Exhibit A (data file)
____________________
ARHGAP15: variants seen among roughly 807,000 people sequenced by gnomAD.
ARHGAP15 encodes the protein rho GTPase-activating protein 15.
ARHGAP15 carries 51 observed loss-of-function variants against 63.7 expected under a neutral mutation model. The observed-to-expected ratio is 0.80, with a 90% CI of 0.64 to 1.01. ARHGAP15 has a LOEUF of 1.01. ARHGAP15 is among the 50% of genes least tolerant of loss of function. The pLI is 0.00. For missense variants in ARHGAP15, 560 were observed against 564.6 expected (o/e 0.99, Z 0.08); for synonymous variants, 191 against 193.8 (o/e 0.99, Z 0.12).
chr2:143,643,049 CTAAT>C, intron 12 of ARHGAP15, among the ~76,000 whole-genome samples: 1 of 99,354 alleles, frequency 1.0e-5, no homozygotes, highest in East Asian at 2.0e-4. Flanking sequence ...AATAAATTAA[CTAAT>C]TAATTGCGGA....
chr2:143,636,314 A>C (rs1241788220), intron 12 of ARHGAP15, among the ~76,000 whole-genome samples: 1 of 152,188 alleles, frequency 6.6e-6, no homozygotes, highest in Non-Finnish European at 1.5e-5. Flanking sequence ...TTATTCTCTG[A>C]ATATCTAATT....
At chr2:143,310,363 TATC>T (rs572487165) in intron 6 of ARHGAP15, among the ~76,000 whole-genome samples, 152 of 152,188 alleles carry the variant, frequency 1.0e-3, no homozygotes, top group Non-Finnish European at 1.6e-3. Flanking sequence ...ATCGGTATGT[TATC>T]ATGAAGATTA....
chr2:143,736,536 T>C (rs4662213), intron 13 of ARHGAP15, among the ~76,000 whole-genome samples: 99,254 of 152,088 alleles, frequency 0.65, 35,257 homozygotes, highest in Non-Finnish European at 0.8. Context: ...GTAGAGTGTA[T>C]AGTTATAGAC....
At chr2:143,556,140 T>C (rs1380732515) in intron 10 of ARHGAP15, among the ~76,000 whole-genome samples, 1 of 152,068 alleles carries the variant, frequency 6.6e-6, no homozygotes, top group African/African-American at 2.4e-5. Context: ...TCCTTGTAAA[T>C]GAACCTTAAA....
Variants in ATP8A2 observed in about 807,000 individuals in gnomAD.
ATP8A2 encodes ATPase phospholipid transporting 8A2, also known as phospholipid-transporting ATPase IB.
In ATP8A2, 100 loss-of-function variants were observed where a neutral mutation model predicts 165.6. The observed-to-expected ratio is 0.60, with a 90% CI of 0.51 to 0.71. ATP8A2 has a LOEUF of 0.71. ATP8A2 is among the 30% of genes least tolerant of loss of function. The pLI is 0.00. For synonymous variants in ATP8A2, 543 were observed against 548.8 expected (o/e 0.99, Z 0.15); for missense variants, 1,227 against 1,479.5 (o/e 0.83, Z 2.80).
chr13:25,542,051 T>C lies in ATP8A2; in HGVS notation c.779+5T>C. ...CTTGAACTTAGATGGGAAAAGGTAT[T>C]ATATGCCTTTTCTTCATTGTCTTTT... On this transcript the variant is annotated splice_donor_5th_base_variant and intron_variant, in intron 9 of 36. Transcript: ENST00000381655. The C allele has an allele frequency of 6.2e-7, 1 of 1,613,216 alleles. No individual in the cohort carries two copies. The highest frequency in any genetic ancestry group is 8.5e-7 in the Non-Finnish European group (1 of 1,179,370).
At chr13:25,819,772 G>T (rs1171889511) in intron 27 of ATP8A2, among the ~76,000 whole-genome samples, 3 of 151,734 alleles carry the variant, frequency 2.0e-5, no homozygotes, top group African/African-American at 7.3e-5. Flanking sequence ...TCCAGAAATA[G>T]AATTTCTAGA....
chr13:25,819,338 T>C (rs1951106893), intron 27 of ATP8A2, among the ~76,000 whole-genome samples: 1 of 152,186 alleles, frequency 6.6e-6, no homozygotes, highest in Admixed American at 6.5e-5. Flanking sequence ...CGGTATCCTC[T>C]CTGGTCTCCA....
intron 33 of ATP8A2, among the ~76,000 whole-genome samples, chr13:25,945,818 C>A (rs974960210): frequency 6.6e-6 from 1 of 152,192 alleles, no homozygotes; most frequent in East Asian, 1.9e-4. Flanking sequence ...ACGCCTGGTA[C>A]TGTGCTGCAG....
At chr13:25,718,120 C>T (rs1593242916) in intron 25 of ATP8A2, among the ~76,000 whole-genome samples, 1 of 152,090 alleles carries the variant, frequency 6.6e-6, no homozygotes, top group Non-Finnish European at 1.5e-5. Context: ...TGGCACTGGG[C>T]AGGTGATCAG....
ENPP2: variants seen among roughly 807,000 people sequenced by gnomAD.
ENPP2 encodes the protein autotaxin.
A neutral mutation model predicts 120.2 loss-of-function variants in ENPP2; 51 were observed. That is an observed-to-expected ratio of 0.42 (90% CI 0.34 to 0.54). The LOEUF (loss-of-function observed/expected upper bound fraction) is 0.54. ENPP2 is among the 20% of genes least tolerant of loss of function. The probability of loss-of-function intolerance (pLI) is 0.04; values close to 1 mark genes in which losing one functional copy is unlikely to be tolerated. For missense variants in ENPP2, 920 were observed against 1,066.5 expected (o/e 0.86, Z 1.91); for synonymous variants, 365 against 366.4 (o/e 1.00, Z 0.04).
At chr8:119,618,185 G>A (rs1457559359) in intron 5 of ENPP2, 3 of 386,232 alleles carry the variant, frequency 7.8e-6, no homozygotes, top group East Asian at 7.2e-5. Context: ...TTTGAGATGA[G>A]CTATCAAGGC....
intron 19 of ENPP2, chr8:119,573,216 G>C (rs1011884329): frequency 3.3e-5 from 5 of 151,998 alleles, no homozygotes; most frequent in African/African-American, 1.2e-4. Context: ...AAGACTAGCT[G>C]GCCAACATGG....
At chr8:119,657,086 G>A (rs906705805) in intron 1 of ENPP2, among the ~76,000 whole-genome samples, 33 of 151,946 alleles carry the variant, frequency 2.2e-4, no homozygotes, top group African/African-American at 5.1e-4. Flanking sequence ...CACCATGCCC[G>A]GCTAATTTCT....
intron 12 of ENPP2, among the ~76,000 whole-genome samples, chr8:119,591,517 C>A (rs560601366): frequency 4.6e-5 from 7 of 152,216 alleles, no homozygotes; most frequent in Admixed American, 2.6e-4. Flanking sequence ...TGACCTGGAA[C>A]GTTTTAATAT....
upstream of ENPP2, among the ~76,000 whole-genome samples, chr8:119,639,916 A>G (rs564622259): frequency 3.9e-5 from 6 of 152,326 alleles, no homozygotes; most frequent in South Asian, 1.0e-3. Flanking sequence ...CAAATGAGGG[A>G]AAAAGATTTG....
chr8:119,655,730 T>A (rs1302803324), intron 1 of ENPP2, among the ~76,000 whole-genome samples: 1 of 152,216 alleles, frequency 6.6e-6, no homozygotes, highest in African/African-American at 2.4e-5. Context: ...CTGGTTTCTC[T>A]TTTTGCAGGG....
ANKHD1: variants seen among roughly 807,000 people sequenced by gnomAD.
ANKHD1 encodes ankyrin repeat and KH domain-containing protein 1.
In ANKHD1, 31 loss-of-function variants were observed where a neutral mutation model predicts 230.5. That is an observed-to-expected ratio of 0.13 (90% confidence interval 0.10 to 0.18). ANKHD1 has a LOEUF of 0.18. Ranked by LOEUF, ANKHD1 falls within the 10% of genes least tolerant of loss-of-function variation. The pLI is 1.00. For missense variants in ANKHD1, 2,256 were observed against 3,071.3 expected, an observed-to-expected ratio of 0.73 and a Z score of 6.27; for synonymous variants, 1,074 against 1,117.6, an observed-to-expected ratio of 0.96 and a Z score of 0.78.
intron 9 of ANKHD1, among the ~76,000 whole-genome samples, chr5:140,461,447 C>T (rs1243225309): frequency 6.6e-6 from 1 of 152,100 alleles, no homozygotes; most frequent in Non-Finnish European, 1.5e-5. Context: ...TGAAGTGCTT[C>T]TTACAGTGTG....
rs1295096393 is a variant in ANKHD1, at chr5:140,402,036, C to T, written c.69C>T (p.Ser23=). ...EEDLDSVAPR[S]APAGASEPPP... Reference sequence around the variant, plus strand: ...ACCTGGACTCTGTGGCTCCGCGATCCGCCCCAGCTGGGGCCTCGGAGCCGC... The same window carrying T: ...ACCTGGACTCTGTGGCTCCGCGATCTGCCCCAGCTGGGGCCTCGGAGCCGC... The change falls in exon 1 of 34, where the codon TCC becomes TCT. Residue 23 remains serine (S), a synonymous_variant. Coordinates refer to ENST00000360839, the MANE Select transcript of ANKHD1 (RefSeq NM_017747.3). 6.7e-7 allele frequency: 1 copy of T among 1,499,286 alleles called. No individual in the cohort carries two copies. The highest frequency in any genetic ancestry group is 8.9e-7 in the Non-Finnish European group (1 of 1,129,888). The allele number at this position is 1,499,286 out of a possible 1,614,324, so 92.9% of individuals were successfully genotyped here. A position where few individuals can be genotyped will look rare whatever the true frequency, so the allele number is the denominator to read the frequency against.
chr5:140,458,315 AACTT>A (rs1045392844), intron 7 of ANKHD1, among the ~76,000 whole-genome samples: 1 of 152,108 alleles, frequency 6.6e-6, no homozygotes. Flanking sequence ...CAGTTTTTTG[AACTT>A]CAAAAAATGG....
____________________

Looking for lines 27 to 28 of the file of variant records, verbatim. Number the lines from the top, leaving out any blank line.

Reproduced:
ANKHD1 encodes ankyrin repeat and KH domain-containing protein 1.
In ANKHD1, 31 loss-of-function variants were observed where a neutral mutation model predicts 230.5. That is an observed-to-expected ratio of 0.13 (90% confidence interval 0.10 to 0.18). ANKHD1 has a LOEUF of 0.18. Ranked by LOEUF, ANKHD1 falls within the 10% of genes least tolerant of loss-of-function variation. The pLI is 1.00. For missense variants in ANKHD1, 2,256 were observed against 3,071.3 expected, an observed-to-expected ratio of 0.73 and a Z score of 6.27; for synonymous variants, 1,074 against 1,117.6, an observed-to-expected ratio of 0.96 and a Z score of 0.78.